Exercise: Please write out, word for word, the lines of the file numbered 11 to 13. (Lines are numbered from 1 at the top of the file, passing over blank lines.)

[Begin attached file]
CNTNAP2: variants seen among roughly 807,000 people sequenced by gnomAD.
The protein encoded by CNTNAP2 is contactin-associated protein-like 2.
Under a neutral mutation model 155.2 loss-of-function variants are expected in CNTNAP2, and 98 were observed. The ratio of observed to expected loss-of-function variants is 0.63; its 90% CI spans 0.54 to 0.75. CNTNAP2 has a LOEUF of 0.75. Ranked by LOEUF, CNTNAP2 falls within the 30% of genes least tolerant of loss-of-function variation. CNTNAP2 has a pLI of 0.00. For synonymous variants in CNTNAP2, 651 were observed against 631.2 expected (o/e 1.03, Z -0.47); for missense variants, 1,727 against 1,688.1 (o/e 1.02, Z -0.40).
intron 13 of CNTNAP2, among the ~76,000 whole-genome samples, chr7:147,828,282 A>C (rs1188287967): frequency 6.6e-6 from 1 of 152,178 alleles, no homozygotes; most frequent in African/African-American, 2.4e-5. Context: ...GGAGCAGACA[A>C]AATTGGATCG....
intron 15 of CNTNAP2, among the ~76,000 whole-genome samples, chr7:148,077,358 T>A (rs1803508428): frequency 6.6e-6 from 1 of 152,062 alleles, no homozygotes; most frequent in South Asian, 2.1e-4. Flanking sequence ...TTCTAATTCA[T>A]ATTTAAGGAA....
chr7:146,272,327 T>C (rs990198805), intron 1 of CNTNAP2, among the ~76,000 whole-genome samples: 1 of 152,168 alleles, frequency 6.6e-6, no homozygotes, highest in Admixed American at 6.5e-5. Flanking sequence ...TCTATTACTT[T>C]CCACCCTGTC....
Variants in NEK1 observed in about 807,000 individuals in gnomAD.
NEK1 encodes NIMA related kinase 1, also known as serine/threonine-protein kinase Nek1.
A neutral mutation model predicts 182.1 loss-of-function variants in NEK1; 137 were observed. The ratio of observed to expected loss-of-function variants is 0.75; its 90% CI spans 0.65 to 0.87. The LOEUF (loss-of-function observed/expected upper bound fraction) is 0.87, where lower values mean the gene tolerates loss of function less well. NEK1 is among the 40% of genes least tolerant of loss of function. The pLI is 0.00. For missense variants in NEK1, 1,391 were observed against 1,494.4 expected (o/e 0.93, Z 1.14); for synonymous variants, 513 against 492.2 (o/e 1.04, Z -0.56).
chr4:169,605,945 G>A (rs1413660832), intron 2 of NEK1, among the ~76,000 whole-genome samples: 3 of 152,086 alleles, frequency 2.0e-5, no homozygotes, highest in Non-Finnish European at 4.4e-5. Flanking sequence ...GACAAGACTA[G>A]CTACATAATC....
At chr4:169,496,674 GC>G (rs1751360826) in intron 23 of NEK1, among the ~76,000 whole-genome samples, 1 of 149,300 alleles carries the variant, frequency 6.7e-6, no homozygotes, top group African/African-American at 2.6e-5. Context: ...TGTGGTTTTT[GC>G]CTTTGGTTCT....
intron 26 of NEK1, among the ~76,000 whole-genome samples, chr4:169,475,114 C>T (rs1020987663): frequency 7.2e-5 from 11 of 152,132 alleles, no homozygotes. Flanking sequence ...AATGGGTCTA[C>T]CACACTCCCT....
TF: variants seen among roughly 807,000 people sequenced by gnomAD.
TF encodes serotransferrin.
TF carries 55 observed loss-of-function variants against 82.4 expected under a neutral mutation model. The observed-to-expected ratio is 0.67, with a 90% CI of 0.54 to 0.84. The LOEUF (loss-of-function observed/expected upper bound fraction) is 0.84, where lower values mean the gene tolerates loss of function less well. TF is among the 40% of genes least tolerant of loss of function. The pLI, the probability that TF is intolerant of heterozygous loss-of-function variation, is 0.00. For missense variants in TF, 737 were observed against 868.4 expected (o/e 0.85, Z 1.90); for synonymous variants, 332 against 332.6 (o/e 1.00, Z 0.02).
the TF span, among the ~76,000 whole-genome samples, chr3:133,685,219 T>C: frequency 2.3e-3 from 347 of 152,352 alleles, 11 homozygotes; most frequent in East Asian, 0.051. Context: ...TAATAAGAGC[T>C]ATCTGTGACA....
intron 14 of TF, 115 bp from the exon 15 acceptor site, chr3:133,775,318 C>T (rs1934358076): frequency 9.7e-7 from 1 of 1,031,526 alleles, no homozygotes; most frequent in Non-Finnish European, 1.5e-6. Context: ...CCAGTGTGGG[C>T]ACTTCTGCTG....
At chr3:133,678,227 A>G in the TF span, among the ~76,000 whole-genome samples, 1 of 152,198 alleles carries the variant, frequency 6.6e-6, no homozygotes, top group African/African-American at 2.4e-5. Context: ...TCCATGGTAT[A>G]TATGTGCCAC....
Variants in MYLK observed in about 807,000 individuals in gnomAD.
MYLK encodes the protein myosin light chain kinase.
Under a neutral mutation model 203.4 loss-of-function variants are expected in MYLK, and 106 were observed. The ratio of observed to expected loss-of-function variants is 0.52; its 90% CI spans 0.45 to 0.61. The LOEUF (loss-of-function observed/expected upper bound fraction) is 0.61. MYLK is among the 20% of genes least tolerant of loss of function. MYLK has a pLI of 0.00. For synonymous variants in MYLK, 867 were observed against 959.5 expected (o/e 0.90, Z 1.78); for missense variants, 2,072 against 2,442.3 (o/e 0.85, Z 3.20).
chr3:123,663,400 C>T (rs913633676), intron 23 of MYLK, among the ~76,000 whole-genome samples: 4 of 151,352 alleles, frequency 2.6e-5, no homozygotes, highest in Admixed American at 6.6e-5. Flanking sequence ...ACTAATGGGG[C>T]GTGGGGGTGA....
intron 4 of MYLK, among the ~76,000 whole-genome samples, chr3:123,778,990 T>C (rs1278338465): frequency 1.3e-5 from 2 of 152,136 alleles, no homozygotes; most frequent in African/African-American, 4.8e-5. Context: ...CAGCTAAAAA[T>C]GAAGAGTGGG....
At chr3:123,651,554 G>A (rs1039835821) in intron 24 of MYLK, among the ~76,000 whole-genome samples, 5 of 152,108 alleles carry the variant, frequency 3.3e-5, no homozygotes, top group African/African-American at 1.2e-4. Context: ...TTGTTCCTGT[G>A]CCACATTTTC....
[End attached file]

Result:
At chr4:169,496,674 GC>G (rs1751360826) in intron 23 of NEK1, among the ~76,000 whole-genome samples, 1 of 149,300 alleles carries the variant, frequency 6.7e-6, no homozygotes, top group African/African-American at 2.6e-5. Context: ...TGTGGTTTTT[GC>G]CTTTGGTTCT....
intron 26 of NEK1, among the ~76,000 whole-genome samples, chr4:169,475,114 C>T (rs1020987663): frequency 7.2e-5 from 11 of 152,132 alleles, no homozygotes. Flanking sequence ...AATGGGTCTA[C>T]CACACTCCCT....
TF: variants seen among roughly 807,000 people sequenced by gnomAD.